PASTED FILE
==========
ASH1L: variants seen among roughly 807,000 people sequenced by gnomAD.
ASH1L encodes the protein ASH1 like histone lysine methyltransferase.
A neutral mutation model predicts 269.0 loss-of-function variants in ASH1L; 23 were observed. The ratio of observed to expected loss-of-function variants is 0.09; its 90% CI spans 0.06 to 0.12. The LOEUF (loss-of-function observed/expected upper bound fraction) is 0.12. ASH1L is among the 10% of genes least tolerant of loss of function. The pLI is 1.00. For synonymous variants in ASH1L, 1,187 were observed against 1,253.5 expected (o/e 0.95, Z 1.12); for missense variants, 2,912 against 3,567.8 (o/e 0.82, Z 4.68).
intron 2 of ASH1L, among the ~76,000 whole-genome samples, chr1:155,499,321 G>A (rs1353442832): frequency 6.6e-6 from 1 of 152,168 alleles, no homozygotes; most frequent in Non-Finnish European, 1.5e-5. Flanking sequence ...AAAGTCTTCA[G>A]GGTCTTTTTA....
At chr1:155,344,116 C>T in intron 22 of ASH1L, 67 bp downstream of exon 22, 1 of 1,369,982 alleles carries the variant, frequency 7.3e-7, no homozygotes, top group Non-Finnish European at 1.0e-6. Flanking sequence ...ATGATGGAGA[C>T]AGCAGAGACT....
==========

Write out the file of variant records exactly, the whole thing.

ASH1L: variants seen among roughly 807,000 people sequenced by gnomAD.
ASH1L encodes the protein ASH1 like histone lysine methyltransferase.
A neutral mutation model predicts 269.0 loss-of-function variants in ASH1L; 23 were observed. The ratio of observed to expected loss-of-function variants is 0.09; its 90% CI spans 0.06 to 0.12. The LOEUF (loss-of-function observed/expected upper bound fraction) is 0.12. ASH1L is among the 10% of genes least tolerant of loss of function. The pLI is 1.00. For synonymous variants in ASH1L, 1,187 were observed against 1,253.5 expected (o/e 0.95, Z 1.12); for missense variants, 2,912 against 3,567.8 (o/e 0.82, Z 4.68).
intron 2 of ASH1L, among the ~76,000 whole-genome samples, chr1:155,499,321 G>A (rs1353442832): frequency 6.6e-6 from 1 of 152,168 alleles, no homozygotes; most frequent in Non-Finnish European, 1.5e-5. Flanking sequence ...AAAGTCTTCA[G>A]GGTCTTTTTA....
At chr1:155,344,116 C>T in intron 22 of ASH1L, 67 bp downstream of exon 22, 1 of 1,369,982 alleles carries the variant, frequency 7.3e-7, no homozygotes, top group Non-Finnish European at 1.0e-6. Flanking sequence ...ATGATGGAGA[C>T]AGCAGAGACT....